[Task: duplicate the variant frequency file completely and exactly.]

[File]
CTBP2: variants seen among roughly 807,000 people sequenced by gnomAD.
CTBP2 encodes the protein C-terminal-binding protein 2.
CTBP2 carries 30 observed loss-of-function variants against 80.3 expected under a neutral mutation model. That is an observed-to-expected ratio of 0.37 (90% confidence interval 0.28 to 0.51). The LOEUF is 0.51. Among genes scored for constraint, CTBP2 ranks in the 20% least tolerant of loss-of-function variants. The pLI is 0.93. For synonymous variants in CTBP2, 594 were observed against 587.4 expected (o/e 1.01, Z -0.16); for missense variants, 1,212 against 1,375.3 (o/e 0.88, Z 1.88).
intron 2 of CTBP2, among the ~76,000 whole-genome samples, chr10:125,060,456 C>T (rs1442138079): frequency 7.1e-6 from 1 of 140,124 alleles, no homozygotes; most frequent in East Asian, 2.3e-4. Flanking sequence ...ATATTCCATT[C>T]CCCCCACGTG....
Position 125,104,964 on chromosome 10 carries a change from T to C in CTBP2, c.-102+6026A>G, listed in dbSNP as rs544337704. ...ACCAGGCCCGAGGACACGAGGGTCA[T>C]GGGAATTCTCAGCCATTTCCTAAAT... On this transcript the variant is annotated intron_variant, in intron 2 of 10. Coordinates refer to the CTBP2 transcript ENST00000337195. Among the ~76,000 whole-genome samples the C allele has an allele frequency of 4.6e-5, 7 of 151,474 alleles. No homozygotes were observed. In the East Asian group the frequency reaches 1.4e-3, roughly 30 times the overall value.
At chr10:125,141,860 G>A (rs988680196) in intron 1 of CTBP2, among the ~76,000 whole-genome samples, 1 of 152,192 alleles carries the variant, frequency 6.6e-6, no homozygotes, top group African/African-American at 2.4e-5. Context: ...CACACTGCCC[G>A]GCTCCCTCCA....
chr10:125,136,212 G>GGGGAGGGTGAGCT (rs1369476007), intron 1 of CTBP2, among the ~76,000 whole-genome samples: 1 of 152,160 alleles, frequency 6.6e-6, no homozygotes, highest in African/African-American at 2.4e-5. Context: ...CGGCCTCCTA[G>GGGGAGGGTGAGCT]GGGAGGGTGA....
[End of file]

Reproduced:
CTBP2: variants seen among roughly 807,000 people sequenced by gnomAD.
CTBP2 encodes the protein C-terminal-binding protein 2.
CTBP2 carries 30 observed loss-of-function variants against 80.3 expected under a neutral mutation model. That is an observed-to-expected ratio of 0.37 (90% confidence interval 0.28 to 0.51). The LOEUF is 0.51. Among genes scored for constraint, CTBP2 ranks in the 20% least tolerant of loss-of-function variants. The pLI is 0.93. For synonymous variants in CTBP2, 594 were observed against 587.4 expected (o/e 1.01, Z -0.16); for missense variants, 1,212 against 1,375.3 (o/e 0.88, Z 1.88).
intron 2 of CTBP2, among the ~76,000 whole-genome samples, chr10:125,060,456 C>T (rs1442138079): frequency 7.1e-6 from 1 of 140,124 alleles, no homozygotes; most frequent in East Asian, 2.3e-4. Flanking sequence ...ATATTCCATT[C>T]CCCCCACGTG....
Position 125,104,964 on chromosome 10 carries a change from T to C in CTBP2, c.-102+6026A>G, listed in dbSNP as rs544337704. ...ACCAGGCCCGAGGACACGAGGGTCA[T>C]GGGAATTCTCAGCCATTTCCTAAAT... On this transcript the variant is annotated intron_variant, in intron 2 of 10. Coordinates refer to the CTBP2 transcript ENST00000337195. Among the ~76,000 whole-genome samples the C allele has an allele frequency of 4.6e-5, 7 of 151,474 alleles. No homozygotes were observed. In the East Asian group the frequency reaches 1.4e-3, roughly 30 times the overall value.
At chr10:125,141,860 G>A (rs988680196) in intron 1 of CTBP2, among the ~76,000 whole-genome samples, 1 of 152,192 alleles carries the variant, frequency 6.6e-6, no homozygotes, top group African/African-American at 2.4e-5. Context: ...CACACTGCCC[G>A]GCTCCCTCCA....
chr10:125,136,212 G>GGGGAGGGTGAGCT (rs1369476007), intron 1 of CTBP2, among the ~76,000 whole-genome samples: 1 of 152,160 alleles, frequency 6.6e-6, no homozygotes, highest in African/African-American at 2.4e-5. Context: ...CGGCCTCCTA[G>GGGGAGGGTGAGCT]GGGAGGGTGA....